I had come to the same conclusion with the wisdom of man in regard to man’s happiness: that all his wisdom only went to make man more miserable. So I launched my barque out into the ocean of thought trying to baffle the winds and waves of the wisdom of this world till death should settle up all my accounts. A disbeliever in everything as far as a future existence went, I lived a stranger in a strange land, till the waters of public opinion were stirred in regard to mesmerism. I floated around, not moored to any person’s opinion in regard to creeds or religion but still a believer in the medical science; for I never employed a quack nor took a particle of quack medicine in my life, neither had my family. So I was clear from that sin, as it was called.

When mesmerism first started, I, of course, being independent of all prejudices, went to see some experiments. I shall never forget seeing a boy thrown into a state perfectly unconscious to all surrounding objects, cold, lifeless and still, at the mercy of the operator. Here was the first rock that my barque struck. This gave me a sort of shiver and a cold chill passed over my whole frame. Twelve minutes before I had seen him walk on the platform, now cold and insensible to pain and yet under the control of another. This set me to thinking and being very fond of investigating every new phenomenon, I tried the experiment and succeeded in getting a person under my control. This was called mesmerism, but being ignorant upon the so–called science, I commenced to read upon the subject to inform myself. I obtained the best works at the time and read them to find out what it was.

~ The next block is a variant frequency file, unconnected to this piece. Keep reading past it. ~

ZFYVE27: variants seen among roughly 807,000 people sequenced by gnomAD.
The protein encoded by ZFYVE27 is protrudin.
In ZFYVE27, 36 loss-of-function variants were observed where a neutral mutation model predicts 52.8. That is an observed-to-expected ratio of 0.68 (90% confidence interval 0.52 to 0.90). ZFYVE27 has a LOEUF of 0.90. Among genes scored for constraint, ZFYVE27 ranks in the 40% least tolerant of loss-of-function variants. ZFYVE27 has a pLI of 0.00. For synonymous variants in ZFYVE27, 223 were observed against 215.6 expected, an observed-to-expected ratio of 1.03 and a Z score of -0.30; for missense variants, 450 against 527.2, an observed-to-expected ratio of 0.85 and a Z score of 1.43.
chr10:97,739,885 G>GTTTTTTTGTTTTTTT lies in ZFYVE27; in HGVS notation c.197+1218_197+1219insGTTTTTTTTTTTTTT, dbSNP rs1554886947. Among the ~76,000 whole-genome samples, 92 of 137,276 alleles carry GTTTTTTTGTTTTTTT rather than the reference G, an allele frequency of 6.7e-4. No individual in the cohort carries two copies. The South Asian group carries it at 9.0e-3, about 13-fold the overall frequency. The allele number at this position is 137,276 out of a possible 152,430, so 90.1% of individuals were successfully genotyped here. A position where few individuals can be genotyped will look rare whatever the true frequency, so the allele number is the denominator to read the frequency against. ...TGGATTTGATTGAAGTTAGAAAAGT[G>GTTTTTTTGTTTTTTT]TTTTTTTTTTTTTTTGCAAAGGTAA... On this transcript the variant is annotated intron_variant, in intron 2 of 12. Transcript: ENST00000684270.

I learned that it was electricity, etc.; so all my experiments went to prove it was governed by the laws of electricity. When it rained, I could not produce any experiment. This was according to my belief and my belief was based on someone’s opinion that knew just as much as I did. They had more experiments but no more wisdom, for I found after a while that the more I thought I knew, the less I really knew. For at one time when it rained as hard as it could pour, I being ignorant of it had some of the best experiments I ever had in all my practice. So I came to this conclusion in regard to mesmerism: that man had begun to philosophize before he understood anything about the subject he was trying to teach others. So I put my barque out to sea again, determined not to run onto the rock of the “science of mesmerism,” for I had found that all this wisdom was of man and they called it wisdom of a science, not understood. So I found that it was knowledge, not wisdom. Then I made up my mind that if there was anything in mesmerism, I would know it but I would not be led by man’s opinion. So I became an infidel to their religion or opinions, not in the phenomenon.